In recognition of Black History Month, I'm including some postings this month that relate to my experiences as a black American.
I got my dad to write something for me! Dad grew up on the wrong side of the tracks in St. Louis, MO. He was the 11th of 16 children. Here is one of his earliest experience of "standing up to the system":
I must have been in my teens. Circumstances that day required me to go out on my own to get my eyeglasses replaced. This meant a trip on the buses to a different part of town. It also meant ending up someplace other than my own regular neighborhood at lunchtime.
I loved chili, and I soon found a place where it was offered. These days I would call the place a “greasy spoon”, but back then it was grub and I was hungry.
It was lunch time and the place was jammed. I ordered my cheeseburger and chili. I had frequently, in the company of my older brothers, ordered food in similar situations, always adding the familiar phrase “to go.” But that really wasn’t necessary. This was a white institution, so it went without saying that my order was “to go.” Maybe it didn’t catch their attention that I didn’t specifically say the words “to go,” and they certainly couldn’t see in my mind that on that day, for some reason, I had no intention of taking my food and going out into the cold, to walk down the street and find a place to stand around and eat.
So when my food was brought to me in a nice brown bag, and after it was paid for, I simply sat down at the counter, opened the bag, and began to eat. It was in the mid-1950s, long before lunch counter sit-ins became fashionable, but this was a sit-in borne of necessity.
The distressed expression on the face of the white waitress told me this wasn’t going to go smoothly. After repeatedly informing me that I couldn’t eat there, and her remonstrations falling on deaf ears, she resorted to more desperate measures. Her final actions were to snatch the sandwich from my hands, ring up a “no sale” on the cash register, and call in a nearby policeman to complain that I hadn’t paid. The policeman certainly knew what was going on, and had no desire to have a more unpleasant ending than was necessary. He finally took me aside, and (although I don’t remember his exact words) he let me know there was no need to make trouble about this. Essentially if I would go away quietly, he had no desire to take further actions.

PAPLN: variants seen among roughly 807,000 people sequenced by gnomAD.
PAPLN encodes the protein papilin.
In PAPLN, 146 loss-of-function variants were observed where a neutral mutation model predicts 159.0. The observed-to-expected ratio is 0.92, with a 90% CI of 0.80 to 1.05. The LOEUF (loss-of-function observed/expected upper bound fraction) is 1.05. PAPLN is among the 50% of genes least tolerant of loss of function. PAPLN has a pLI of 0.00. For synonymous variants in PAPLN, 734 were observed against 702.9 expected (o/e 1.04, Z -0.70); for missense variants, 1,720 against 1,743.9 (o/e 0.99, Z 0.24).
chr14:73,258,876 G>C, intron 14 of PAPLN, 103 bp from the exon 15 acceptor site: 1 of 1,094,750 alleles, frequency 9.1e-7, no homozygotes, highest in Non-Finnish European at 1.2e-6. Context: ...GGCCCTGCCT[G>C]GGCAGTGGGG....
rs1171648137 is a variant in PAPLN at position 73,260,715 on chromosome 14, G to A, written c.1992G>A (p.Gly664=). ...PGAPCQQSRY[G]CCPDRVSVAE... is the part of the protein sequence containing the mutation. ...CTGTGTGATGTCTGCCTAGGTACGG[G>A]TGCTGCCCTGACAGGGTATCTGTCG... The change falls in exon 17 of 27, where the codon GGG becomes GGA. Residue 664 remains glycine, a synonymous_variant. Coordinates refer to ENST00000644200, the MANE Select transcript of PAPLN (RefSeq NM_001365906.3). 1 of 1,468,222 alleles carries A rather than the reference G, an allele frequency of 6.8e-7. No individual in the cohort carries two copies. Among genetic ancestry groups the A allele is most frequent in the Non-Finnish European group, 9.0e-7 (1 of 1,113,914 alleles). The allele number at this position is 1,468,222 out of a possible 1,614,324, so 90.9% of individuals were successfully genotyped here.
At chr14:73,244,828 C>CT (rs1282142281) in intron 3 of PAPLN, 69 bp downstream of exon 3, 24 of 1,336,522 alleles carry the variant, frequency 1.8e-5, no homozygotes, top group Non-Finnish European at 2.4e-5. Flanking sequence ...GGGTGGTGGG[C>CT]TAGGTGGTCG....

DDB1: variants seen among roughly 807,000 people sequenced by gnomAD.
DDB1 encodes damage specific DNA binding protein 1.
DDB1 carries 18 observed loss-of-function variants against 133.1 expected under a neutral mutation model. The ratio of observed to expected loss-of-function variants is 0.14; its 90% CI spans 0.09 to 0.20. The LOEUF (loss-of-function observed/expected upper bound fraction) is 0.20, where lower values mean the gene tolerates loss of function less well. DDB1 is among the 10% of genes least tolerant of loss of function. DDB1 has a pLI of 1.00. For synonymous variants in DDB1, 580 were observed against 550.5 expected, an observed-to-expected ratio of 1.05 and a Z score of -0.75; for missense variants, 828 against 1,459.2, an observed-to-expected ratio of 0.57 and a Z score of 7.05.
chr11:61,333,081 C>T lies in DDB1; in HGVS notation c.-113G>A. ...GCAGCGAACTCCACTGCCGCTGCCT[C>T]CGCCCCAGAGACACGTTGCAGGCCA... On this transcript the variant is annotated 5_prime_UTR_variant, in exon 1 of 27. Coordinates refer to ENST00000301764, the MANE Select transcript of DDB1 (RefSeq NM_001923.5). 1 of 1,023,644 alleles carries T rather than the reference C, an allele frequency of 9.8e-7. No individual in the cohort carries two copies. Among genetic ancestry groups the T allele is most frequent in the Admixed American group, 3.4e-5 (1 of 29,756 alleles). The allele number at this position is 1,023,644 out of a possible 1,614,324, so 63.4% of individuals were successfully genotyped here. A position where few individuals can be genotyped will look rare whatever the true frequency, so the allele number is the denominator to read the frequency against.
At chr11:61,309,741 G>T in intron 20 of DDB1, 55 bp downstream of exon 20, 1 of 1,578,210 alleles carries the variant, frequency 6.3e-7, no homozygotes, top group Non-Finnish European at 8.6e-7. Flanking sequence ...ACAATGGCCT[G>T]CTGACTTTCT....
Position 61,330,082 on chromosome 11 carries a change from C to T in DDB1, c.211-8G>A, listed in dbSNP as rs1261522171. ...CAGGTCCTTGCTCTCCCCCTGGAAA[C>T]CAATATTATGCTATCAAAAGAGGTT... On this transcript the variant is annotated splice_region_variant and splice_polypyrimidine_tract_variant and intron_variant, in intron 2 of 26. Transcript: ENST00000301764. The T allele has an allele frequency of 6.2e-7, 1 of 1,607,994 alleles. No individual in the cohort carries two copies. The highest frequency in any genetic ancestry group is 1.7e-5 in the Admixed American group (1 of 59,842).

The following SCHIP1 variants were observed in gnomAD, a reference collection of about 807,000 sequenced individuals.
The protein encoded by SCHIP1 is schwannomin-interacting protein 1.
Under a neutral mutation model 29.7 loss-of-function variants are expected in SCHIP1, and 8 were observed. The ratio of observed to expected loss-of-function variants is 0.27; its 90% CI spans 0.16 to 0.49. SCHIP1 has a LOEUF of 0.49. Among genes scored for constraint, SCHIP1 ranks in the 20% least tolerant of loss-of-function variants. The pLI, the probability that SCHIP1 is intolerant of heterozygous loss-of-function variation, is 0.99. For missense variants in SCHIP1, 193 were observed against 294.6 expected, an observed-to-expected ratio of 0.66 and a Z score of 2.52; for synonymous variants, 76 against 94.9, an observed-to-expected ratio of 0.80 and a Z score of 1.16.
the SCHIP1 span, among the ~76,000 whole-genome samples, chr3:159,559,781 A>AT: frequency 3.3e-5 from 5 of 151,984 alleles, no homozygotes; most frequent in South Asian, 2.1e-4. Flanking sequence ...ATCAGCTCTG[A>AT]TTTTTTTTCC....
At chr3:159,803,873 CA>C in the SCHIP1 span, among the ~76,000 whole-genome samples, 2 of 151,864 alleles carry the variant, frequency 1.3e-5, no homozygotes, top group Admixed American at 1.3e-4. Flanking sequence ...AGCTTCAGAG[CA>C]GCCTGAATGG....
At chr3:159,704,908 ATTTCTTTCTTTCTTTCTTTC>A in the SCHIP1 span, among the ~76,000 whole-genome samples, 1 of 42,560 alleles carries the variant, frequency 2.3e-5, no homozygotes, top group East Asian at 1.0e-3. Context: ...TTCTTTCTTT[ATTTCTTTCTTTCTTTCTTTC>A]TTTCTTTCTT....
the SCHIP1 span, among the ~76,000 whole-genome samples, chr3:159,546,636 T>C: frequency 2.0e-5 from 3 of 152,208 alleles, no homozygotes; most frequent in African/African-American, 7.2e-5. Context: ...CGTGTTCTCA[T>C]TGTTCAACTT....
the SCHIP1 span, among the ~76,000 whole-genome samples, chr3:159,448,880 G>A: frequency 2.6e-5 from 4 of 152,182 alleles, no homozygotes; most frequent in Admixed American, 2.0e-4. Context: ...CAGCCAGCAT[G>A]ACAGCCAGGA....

So, I was back out in the cold and on to the streetcar, a little bit hungry, and a little bit disillusioned. But that was life in St. Louis in the mid-50s.
In high school, Dad's favorite subject was English. He loved literature and poetry and dreamed of being a journalist. His guidance counselor told him he didn't stand a chance, there would never be a market for black journalists. Dad considered several other career options and sort of stumbled into civil engineering. He is now a Deputy Director of the Los Angeles County Department of Public Works with hundreds of people working under him. Along with working a full-time job, he is also the pastor of our church and is the BEST preacher you would ever have the privilege to hear!
Thank you for contributing to my blog, Daddy! Love you!